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‘American Pickers’ star Frank Fritz says he hasn’t spoken to Mike Wolfe in two years: ‘That’s just how it is’

“American Pickers” star Frank Fritz is getting candid about his relationship with co-host Mike Wolfe.

The popular History Channel reality series, which premiered in 2010, chronicles the adventures of the pickers as they travel across the country in hopes of finding and rescuing prized objects with stories deeply rooted in American history. Danielle Colby provides much-needed assistance when the two minds find themselves in comedic binds along the way.

But the friendship between the beloved duo has been strained. Fritz recently told The Sun that he has left the series and is no longer in touch with Wolfe, 57.

“I haven’t talked to Mike in two years,” the 55-year-old told the outlet. “He knew my back was messed up, but he didn’t call me up and ask how I was doing. That’s just how it is.”

‘AMERICAN PICKERS’ STAR MIKE WOLFE DATING MODEL LETICIA CLINE: REPORT

Frank Fritz (left), who has since left History Channel’s ‘American Pickers,’ admitted his relationship with former co-host Mike Wolfe (right) is strained.
(Photo by D Dipasupil/FilmMagic/Getty Images)

While Fritz wouldn’t detail the exact reason for his departure, he described feeling like he was in “second” place on “American Pickers.”

“The show is titled towards him 1,000 percent,” he claimed. “I can’t even bend that far down to show you how much. That’s fine. It’s like you’ve got Aerosmith and there’s Steven Tyler and he’s the frontman. I found my spot, I’m second and he’s number one on the show. That’s no problem with me, maybe he does have a problem.”

Fritz also revealed that audiences could easily identify with him more, making him a “bigger” star among fans.

“I’m not arrogant and I’m more of a regular ol’ guy,” he explained. “The guy that connects with me is the guy who buys a 30 pack of Busch Light and a pizza on the weekend. That’s my guy. My guy buys a $150 sign, not an $8,000 sign. I’m more of the common man guy, I haven’t found a $100,000 vase or any Michelangelo stuff. I’ve never really had a big, big score like that. But all the small scores are the bread and butter and that’s my deal.”

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Frank Fritz (right) claimed audiences could easily identify with him more in the series.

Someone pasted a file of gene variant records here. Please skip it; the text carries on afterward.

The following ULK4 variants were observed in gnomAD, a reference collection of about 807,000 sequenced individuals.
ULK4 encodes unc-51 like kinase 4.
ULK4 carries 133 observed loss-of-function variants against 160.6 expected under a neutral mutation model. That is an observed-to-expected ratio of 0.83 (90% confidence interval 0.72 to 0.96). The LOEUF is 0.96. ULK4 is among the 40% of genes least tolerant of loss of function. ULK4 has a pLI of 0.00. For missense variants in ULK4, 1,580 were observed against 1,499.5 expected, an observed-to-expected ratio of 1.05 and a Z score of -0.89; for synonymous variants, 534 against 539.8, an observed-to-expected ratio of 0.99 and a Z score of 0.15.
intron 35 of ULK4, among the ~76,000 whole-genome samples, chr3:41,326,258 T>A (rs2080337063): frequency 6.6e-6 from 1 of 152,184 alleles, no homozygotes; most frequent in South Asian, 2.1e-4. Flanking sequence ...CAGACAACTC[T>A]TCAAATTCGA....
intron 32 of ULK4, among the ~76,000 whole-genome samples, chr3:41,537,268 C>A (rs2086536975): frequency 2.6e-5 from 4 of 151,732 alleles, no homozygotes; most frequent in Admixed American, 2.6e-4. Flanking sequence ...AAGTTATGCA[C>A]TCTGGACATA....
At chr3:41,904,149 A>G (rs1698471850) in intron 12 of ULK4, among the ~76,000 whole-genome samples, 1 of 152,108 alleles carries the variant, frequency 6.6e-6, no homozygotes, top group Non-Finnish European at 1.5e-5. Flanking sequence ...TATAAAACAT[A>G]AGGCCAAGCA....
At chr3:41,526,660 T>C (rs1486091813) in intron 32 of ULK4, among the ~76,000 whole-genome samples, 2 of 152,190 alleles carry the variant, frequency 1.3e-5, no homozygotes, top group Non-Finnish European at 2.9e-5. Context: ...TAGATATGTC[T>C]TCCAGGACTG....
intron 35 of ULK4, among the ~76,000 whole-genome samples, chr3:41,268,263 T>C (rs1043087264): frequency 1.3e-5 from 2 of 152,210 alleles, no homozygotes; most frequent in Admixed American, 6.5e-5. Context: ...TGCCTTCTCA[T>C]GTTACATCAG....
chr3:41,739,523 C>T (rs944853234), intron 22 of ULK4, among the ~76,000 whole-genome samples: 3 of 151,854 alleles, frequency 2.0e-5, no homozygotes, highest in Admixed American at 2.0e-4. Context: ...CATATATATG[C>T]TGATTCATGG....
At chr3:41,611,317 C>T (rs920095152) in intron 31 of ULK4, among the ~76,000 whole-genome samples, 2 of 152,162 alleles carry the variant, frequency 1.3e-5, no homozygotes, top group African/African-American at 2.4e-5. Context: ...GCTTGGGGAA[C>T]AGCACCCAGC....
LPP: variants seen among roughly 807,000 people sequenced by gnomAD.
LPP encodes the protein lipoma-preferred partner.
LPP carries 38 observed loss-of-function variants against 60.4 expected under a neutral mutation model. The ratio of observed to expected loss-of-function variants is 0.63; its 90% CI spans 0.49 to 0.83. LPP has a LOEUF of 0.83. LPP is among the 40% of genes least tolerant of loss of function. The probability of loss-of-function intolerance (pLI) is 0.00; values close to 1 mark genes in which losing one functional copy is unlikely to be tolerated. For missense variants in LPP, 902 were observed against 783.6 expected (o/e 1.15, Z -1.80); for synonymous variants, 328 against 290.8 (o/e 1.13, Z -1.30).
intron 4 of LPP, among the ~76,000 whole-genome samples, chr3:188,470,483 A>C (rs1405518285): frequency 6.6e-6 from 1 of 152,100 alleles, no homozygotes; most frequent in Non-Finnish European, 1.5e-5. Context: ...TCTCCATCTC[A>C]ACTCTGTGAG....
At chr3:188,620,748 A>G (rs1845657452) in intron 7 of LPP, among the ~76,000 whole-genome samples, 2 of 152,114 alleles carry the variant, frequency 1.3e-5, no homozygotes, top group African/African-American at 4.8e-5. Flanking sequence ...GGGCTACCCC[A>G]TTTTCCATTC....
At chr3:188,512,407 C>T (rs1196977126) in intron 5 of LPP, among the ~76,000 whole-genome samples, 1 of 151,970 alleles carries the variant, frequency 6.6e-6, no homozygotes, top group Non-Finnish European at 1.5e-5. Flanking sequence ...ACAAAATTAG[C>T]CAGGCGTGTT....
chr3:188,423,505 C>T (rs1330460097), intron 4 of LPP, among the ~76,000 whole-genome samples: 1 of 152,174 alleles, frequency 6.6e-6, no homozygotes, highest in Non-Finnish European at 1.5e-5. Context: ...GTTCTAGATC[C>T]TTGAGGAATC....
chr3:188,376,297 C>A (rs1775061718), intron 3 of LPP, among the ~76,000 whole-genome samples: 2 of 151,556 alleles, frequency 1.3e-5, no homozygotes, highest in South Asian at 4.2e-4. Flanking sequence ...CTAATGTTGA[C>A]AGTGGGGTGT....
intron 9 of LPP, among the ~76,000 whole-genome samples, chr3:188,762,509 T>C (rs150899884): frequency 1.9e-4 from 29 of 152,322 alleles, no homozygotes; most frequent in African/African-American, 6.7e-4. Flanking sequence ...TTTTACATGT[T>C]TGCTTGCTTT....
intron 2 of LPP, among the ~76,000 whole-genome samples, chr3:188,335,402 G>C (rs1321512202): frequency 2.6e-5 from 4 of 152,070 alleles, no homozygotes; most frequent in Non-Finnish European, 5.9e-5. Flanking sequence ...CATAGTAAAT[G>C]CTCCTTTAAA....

Frank Fritz (right) claimed audiences could easily identify with him more in the series.
( Photo by Ray Tamarra/FilmMagic/Getty Images)

A rep for The History Channel and Wolfe didn’t immediately respond to Fox News’ request for comment. However, the network confirmed to People magazine that Fritz has left the show. And in a statement sent to the outlet, Wolfe said he will miss his former co-host.

“I have known Frank for as long as I can remember, he’s been like a brother to me,” Wolfe’s statement read. “The journey that Frank, Dani (Danielle) and I started back in 2009, like all of us, has come with its highs and lows, blessings and challenges, but it has also been the most rewarding. I will miss Frank, just like all of you, and I pray for the very best and all good things for him on the next part of his journey.”

Fritz admitted that it would be difficult to “put the show on after not talking to somebody for two years.”

“I think Mike wants to get his brother Robbie in there to replace me,” Fritz claimed. “I don’t know why he’s behaving like that towards me. You couldn’t just stick two people in a van and get the chemistry you get from me and Mike. We’ve known each other for about 40 years. We can finish each other’s sentences. When everybody is getting along and there’s no drama, me and him are very good together.”

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'American Pickers,' which first premiered in 2010, has become a popular reality TV series on The History Channel.

‘American Pickers,’ which first premiered in 2010, has become a popular reality TV series on The History Channel.
(Photo by Neilson Barnard/Getty Images)

The celebrated collector said he’s now eager to move on and start a new chapter in his life. Most recently, he unveiled a 65-pound weight loss to keep his Crohn’s Disease, a chronic inflammatory bowel disease, “under control the best I can.” He credited the transformation to healthy eating habits.

“I’m just trying to get through life like everybody else and be as happy as I possibly can,” said Fritz. “Life is what you put into it. If you don’t put much into it you don’t get a lot out of it.”

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